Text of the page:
Uvs Lake Depression Transboundary Biosphere Reserve, Mongolia – Russian Federation

Situated on the border of the Russian Federation, the 335,000 ha Uvs Lake, the largest in Mongolia, is encircled by the semi-arid foothills of the southern Altay Mountains and boasts a flat shallow basin, qualifying it as a natural salt lake.

The Uvs Lake Depression constitutes a core area of the Altay Sayan global eco-region, and is part of a newly designated transboundary biosphere reserve bridging two entire biomes of the Siberian taïga and the Mongolian steppes. The site provides habitat to emblematic species and brings together Uvs Nuur Basin Biosphere Reserve on the Mongolian side, with Ubsunorskaya Kotlovina Biosphere Reserve on the Russian side, both of which were designated in 1997.

Doi Chiang Dao Biosphere Reserve, Thailand

Doi Chiang Dao Biosphere Reserve is located in Chiang Dao District of Chiang Mai Province in Thailand. It is the only region in the country to be covered with sub-alpine vegetation characteristic of the Himalayas and parts of southern China. Many rare, endangered or vulnerable species live in the 85,909 ha biosphere reserve, and the landscape abounds with limestone caves formed by the infiltration of rainwater, Chiang Dao Cave qualifying as the largest and most important among them. The cave is associated in Thailand with the legend of Chao Luang Chiang Dao, the king of all spirits, who is believed to reside in the towering Doi Chiang Dao mountain; both are revered as sacred places.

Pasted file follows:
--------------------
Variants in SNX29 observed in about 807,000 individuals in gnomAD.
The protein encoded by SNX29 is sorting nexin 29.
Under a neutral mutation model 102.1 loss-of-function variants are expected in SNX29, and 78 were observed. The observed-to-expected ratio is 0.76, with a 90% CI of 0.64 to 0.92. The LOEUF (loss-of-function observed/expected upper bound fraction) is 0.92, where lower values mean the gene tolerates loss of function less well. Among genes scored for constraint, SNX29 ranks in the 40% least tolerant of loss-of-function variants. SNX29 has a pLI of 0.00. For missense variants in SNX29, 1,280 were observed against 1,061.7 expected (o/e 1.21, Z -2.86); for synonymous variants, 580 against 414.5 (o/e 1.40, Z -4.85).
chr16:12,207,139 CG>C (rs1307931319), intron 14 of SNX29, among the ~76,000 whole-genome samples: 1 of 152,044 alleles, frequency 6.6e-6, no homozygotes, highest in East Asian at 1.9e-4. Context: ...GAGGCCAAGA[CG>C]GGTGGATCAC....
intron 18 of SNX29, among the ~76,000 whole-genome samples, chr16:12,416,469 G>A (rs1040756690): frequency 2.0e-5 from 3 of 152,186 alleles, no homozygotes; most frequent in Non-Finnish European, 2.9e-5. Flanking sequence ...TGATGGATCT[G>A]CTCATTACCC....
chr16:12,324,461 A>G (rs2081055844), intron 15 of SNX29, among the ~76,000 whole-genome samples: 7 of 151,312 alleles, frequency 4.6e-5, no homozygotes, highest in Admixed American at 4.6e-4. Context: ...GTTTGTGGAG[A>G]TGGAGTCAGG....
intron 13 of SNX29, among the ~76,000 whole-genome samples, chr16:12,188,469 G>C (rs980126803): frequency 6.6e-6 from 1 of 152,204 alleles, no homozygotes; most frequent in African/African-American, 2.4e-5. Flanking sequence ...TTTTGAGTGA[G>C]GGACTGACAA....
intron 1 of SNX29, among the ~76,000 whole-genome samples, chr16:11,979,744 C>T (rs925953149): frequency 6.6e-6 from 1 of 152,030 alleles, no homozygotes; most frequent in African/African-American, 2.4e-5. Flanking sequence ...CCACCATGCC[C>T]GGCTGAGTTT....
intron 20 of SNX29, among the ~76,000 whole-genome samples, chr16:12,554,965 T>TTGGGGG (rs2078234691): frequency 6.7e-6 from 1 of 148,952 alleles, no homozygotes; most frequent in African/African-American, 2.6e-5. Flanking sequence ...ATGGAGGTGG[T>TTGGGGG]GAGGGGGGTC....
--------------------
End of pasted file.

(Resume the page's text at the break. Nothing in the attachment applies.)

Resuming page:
Lower Amudarya State Biosphere Reserve, Uzbekistan

Lower Amudarya State Biosphere Reserve (LABR) in Uzbekistan is located in the northern part of the lower reaches of the River Amudarya, southeast of the former coast of the Aral Sea. The site is one of the largest areas of natural Tugai in Central Asia, which is a unique and threatened ecosystem. The area provides an important habitat for plant and animal life and contains the highest biodiversity in the desert regions of Central Asia.

Nui Chua Biosphere Reserve, Viet Nam PDR

The 106.646,45 ha Nui Chua Biosphere Reserve encompasses the terrestrial and marine areas of Ninh Thuan Province and is located at the end of the Truong Son Mountain Range where the climate characterized by sunny, hot and arid weather and minimal rainfall. The area boasts a rich and diverse mosaic of ecosystems characteristic of the south-central region of Viet Nam

Kon ha Nung Biosphere Reserve, Viet Nam PDR

Kon ha Nung is located in the highlands of Central Viet Nam, the so called ‘Roof of Indochina’, the highest peak of which reaches over 1,700 m. and extends over 413,511.67 ha and is home to some 413,511 inhabitants. The biosphere reserve is also home to rare species and is managed in line with the traditional knowledge of local communities, including Indigenous knowledge pertaining to production and social organization. A local people’s committee formulates policies concerning land and forest allocations to households, payment for forest ecosystem services and the development of sustainable ecotourism.

For more extensive information on these sites and their biodiversity and sustainable management: